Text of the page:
April 2018 NMRT Discussion: Designing Welcoming Spaces on a Budget

By: Elayna Turner

April’s discussion topic was Designing Welcoming Spaces on a Budget. This topic focused on ways that libraries running on tight budgets could make their spaces more accessible and welcoming to their patrons. Many libraries simply do not have the budget to perform a major renovation, but that shouldn’t mean that there aren’t things a library can do to update their look and feel.

Examples of this include shifting your stacks around to create more open space, repurposing a room as a group collaboration space, ditching the traditional reference desk for a “roving reference” model, or even repurposing a space for quiet and meditation. These kinds of changes may seem small, but they can have a great impact on your patrons by allowing your patrons to see the library as more than just a silo of books, but as a welcoming community space.

During the month for this discussion, some practical solutions were discussed. As an academic librarian, I shared my library’s experience with our second floor redesign which involved moving the stacks downstairs and creating an open group study space. The floor was loaded with tables and chairs, study cubicles, and computers. The space has become a destination for students to work together and it was accomplished by moving stacks around and repurposing furniture that was sitting in storage.
Another participant said that they considered what is was that “welcoming” meant as “we often consider the physical spaces at the expense of other factors that happen in concert with space aesthetics and feelings of ‘welcome.’”

As their library added more programming and events they noted that “…the one quiet reading room we had was no longer enough to support those who needed less noise. So, we repurposed most of our second floor as a Quiet Zone. The floor now has study carrels (which used to be mostly downstairs – where most of our noisier actions occur). We added a “quasi-private” individual seating spaces on the floor, and we also created an area of quiet group study tables – the “quiet” is aided by portable white boards that students can use to write out notes for group contemplation. This area is highly used and the quiet is successfully self- enforced by students.”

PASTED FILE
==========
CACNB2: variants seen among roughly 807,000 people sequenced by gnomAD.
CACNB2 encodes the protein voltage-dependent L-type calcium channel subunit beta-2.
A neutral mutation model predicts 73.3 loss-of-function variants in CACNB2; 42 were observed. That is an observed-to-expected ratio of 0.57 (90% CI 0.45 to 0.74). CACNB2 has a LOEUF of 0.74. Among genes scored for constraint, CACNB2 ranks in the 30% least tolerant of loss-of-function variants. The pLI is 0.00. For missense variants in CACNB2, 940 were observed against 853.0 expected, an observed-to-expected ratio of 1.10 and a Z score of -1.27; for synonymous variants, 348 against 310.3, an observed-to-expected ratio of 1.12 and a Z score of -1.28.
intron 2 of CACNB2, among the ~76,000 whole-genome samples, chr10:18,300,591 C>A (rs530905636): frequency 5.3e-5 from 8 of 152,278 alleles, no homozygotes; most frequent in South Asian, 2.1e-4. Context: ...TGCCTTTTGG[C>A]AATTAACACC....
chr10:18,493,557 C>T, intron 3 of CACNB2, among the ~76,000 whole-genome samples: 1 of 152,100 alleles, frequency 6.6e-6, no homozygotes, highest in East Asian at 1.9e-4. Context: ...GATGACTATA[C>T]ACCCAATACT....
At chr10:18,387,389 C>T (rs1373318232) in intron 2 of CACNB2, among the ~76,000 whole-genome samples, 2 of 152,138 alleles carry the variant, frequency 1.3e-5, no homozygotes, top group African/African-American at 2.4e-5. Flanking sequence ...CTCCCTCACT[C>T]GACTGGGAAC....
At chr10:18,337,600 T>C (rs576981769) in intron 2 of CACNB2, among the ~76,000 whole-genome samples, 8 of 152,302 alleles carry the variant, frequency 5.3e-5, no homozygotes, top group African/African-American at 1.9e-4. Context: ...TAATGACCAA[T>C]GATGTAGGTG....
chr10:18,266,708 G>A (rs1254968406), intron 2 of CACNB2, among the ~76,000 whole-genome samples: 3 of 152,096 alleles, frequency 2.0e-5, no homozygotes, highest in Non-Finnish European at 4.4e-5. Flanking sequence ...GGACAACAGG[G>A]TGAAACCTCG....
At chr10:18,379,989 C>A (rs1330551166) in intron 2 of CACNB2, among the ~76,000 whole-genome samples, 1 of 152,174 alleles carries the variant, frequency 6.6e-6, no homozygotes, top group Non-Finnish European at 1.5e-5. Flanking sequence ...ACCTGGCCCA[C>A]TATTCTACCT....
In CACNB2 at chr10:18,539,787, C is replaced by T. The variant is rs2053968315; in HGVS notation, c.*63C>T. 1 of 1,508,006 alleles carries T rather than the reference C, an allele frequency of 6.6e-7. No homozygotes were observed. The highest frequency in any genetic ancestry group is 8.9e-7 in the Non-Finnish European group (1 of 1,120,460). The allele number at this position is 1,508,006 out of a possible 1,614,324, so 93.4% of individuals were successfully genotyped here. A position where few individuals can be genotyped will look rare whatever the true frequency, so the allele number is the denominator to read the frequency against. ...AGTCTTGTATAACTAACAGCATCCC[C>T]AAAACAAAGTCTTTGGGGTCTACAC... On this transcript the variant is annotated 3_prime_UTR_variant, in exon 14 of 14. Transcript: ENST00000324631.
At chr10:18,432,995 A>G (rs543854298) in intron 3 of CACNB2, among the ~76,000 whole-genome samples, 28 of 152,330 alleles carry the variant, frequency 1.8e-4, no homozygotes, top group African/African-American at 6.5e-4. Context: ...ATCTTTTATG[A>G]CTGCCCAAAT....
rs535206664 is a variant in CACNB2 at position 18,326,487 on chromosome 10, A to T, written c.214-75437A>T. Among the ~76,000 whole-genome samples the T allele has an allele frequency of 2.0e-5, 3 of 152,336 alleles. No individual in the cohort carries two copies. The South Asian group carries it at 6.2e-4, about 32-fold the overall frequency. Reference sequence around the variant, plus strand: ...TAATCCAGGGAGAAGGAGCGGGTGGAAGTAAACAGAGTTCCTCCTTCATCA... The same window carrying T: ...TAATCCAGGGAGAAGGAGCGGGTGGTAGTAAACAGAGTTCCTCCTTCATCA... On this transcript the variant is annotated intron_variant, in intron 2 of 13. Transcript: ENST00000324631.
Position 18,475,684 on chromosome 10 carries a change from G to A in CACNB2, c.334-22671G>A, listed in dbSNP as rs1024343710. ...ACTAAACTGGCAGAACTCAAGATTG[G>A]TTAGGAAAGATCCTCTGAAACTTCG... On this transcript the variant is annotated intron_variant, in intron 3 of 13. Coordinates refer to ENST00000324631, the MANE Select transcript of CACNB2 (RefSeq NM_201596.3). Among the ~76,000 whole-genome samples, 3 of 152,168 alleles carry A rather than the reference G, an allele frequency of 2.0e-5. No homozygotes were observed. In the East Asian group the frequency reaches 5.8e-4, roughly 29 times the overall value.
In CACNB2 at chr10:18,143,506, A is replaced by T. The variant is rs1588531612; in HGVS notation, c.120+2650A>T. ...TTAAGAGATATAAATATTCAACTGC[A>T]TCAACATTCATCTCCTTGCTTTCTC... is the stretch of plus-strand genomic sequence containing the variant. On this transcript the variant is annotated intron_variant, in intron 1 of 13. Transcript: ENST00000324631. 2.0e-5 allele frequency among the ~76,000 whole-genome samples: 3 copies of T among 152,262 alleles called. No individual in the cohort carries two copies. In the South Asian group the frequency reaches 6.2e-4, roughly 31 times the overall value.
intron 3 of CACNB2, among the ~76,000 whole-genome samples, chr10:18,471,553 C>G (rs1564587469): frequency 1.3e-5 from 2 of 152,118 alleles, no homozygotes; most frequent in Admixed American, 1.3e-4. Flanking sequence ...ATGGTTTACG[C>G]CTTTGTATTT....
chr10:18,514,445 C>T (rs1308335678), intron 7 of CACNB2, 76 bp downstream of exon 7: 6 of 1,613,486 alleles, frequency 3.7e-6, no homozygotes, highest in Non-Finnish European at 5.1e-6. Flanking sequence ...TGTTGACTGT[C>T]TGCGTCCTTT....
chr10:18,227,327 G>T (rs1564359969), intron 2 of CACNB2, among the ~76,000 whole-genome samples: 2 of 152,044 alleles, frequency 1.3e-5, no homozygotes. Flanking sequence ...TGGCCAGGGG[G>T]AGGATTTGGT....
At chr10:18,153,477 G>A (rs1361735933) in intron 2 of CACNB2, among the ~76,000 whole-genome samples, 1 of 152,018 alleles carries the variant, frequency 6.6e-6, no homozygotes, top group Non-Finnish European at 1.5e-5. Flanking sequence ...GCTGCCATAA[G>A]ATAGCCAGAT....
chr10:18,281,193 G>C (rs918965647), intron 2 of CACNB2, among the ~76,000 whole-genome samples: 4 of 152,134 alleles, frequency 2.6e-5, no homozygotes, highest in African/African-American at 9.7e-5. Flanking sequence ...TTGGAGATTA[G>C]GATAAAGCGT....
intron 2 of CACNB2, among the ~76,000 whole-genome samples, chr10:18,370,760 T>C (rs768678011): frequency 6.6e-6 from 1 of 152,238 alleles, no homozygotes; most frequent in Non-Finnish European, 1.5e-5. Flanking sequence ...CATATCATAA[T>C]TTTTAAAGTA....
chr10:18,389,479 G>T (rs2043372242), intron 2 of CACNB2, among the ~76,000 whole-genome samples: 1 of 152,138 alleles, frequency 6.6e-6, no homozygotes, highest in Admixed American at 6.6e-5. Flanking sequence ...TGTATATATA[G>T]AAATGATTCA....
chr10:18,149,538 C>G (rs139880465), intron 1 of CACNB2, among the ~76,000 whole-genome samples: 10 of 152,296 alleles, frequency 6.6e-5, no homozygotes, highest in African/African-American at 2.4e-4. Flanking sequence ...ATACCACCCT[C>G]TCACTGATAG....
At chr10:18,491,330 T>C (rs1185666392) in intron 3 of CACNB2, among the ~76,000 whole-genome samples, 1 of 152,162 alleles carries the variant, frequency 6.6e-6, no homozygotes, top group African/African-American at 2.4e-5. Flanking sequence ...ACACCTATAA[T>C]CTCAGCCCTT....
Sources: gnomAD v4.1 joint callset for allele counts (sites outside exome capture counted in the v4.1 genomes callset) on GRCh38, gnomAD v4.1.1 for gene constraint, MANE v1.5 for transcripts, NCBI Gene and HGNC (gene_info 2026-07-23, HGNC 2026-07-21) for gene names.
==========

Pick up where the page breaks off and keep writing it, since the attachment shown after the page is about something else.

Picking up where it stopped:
Considering these two different approaches to redesigning library space, there is certainly no one-size-fits-all solution for libraries. One library needed less quiet space while the other needed to reclaim more and there are an infinite number of differences libraries have. Each library has its own unique needs and these have to be considered when planning to make any changes. Librarians and staff should get together and discuss possible changes – even take a stroll around the building to see where improvements can be made. Talking to patrons and taking their point of view into consideration is also key to making positive changes.

Every little step counts and can get you one step closer to making your library a more welcoming space for all. After reading this, I suggest taking a look around. What would you change? What do you dislike or find unwelcoming about your setup? What do your coworkers think? Maybe even stop one of your regular patrons and ask what they would change to make things better. You might be surprised by the little things you can change and how they can make a big difference!

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